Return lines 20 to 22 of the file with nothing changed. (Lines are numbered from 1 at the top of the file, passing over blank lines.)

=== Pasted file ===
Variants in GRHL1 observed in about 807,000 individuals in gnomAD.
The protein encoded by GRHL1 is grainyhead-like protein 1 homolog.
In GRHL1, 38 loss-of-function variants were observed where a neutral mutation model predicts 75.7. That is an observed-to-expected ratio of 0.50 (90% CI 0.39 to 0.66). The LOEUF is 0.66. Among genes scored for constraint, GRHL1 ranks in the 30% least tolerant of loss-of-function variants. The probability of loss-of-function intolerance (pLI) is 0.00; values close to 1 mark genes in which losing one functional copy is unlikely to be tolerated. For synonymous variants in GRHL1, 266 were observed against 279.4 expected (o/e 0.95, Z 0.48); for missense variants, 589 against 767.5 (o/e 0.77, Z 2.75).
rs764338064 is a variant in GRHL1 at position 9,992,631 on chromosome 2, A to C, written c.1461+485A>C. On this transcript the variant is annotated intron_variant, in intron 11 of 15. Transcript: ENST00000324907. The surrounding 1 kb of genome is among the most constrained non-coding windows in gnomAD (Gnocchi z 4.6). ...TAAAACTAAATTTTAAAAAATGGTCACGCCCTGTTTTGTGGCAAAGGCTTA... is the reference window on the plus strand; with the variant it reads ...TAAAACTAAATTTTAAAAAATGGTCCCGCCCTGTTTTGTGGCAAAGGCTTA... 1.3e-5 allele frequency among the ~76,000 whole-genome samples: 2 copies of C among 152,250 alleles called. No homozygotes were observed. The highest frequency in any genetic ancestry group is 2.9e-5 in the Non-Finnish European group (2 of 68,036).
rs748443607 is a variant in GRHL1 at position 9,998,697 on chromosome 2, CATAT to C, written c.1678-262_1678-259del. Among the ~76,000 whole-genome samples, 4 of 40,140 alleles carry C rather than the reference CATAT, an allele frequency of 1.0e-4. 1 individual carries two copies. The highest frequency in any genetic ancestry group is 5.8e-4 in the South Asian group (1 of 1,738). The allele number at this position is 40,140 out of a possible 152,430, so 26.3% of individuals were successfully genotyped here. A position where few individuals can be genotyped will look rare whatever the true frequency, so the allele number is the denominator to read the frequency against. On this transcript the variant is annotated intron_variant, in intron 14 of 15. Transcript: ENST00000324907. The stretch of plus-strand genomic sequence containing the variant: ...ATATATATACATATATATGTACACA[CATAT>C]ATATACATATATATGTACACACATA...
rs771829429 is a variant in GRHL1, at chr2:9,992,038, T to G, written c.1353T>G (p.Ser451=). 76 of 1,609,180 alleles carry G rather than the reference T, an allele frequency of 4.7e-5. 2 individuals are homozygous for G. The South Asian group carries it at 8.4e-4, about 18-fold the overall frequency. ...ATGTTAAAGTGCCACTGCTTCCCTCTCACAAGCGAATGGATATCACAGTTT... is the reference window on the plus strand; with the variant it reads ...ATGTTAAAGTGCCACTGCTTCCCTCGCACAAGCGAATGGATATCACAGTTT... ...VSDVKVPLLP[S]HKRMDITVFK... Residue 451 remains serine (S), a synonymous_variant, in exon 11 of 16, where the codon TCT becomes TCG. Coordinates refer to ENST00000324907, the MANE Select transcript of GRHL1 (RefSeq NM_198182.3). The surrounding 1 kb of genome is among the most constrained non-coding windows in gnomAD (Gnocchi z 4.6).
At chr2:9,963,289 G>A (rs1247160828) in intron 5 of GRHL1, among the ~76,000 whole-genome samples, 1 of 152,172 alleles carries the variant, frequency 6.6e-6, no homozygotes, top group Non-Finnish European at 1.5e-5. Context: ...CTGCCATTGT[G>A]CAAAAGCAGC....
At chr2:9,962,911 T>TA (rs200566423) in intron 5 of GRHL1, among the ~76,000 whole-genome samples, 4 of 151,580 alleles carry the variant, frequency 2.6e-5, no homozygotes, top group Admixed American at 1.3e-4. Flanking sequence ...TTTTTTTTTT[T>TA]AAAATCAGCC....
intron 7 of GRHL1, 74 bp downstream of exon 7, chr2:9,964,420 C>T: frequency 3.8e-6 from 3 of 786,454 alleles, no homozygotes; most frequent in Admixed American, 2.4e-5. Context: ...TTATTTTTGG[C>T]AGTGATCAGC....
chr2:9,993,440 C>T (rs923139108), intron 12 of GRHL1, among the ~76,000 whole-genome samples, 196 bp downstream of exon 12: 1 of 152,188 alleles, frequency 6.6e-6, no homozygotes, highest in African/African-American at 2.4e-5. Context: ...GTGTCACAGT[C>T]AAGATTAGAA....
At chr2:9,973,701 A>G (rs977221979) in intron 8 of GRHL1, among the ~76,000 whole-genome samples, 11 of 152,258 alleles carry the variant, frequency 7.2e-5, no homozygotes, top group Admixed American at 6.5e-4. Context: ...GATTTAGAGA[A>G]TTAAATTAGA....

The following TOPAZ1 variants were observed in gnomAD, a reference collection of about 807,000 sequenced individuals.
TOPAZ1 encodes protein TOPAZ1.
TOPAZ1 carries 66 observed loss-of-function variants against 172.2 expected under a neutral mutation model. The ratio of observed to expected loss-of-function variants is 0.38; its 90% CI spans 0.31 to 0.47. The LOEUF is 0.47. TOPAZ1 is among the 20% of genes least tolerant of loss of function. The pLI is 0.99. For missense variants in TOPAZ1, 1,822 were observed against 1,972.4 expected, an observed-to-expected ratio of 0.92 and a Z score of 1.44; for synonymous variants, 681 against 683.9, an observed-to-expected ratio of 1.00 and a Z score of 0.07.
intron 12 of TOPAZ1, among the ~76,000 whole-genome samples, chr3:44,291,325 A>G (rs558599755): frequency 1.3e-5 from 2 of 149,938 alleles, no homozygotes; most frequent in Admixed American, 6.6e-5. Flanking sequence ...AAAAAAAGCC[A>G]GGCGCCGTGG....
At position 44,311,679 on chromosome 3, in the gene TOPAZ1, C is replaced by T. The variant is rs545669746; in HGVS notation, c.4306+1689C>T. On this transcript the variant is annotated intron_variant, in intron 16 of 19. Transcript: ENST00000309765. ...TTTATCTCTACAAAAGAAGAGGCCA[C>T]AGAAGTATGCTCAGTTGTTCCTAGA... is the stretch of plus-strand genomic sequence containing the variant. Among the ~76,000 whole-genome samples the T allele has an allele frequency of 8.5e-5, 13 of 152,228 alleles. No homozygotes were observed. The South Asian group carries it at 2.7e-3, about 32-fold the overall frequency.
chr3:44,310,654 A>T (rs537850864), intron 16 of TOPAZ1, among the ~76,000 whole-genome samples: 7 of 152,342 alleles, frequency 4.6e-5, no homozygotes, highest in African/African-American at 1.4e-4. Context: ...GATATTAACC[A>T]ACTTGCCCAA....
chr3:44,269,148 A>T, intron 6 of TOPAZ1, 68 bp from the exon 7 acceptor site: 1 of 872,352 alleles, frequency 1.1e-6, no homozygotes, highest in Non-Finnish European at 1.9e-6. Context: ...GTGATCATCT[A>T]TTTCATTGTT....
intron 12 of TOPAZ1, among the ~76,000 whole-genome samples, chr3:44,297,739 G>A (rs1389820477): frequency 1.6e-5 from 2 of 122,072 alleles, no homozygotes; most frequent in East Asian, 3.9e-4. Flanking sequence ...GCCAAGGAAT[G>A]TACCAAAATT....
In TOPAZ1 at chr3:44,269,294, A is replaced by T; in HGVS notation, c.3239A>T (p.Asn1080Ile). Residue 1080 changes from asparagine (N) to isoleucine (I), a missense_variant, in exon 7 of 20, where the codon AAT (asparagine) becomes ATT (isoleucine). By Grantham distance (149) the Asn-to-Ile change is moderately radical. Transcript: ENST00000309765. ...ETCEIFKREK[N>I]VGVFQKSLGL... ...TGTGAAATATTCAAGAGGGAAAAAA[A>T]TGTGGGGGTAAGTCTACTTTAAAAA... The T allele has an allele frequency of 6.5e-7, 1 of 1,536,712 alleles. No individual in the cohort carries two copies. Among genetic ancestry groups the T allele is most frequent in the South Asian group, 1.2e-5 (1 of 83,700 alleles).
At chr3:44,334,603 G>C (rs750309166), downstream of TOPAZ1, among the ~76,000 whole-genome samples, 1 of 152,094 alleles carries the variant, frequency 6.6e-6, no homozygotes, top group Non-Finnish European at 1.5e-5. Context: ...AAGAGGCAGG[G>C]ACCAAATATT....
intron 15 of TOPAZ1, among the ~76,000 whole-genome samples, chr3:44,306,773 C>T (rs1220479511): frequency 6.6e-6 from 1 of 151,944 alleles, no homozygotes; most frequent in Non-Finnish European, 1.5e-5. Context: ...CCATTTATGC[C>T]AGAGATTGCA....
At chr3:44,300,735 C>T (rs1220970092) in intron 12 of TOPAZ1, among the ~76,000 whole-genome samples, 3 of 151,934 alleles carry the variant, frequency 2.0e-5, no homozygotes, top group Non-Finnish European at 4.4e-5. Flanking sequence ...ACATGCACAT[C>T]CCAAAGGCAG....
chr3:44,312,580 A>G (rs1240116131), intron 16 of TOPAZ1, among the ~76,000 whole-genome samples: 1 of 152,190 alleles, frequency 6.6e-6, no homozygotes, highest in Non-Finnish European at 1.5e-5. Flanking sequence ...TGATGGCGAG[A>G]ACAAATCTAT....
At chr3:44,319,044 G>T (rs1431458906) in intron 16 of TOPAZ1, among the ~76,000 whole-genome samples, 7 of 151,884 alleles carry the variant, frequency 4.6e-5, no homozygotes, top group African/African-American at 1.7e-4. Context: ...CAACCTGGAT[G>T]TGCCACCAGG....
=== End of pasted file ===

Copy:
In TOPAZ1 at chr3:44,269,294, A is replaced by T; in HGVS notation, c.3239A>T (p.Asn1080Ile). Residue 1080 changes from asparagine (N) to isoleucine (I), a missense_variant, in exon 7 of 20, where the codon AAT (asparagine) becomes ATT (isoleucine). By Grantham distance (149) the Asn-to-Ile change is moderately radical. Transcript: ENST00000309765. ...ETCEIFKREK[N>I]VGVFQKSLGL... ...TGTGAAATATTCAAGAGGGAAAAAA[A>T]TGTGGGGGTAAGTCTACTTTAAAAA... The T allele has an allele frequency of 6.5e-7, 1 of 1,536,712 alleles. No individual in the cohort carries two copies. Among genetic ancestry groups the T allele is most frequent in the South Asian group, 1.2e-5 (1 of 83,700 alleles).
At chr3:44,334,603 G>C (rs750309166), downstream of TOPAZ1, among the ~76,000 whole-genome samples, 1 of 152,094 alleles carries the variant, frequency 6.6e-6, no homozygotes, top group Non-Finnish European at 1.5e-5. Context: ...AAGAGGCAGG[G>C]ACCAAATATT....
intron 15 of TOPAZ1, among the ~76,000 whole-genome samples, chr3:44,306,773 C>T (rs1220479511): frequency 6.6e-6 from 1 of 151,944 alleles, no homozygotes; most frequent in Non-Finnish European, 1.5e-5. Context: ...CCATTTATGC[C>T]AGAGATTGCA....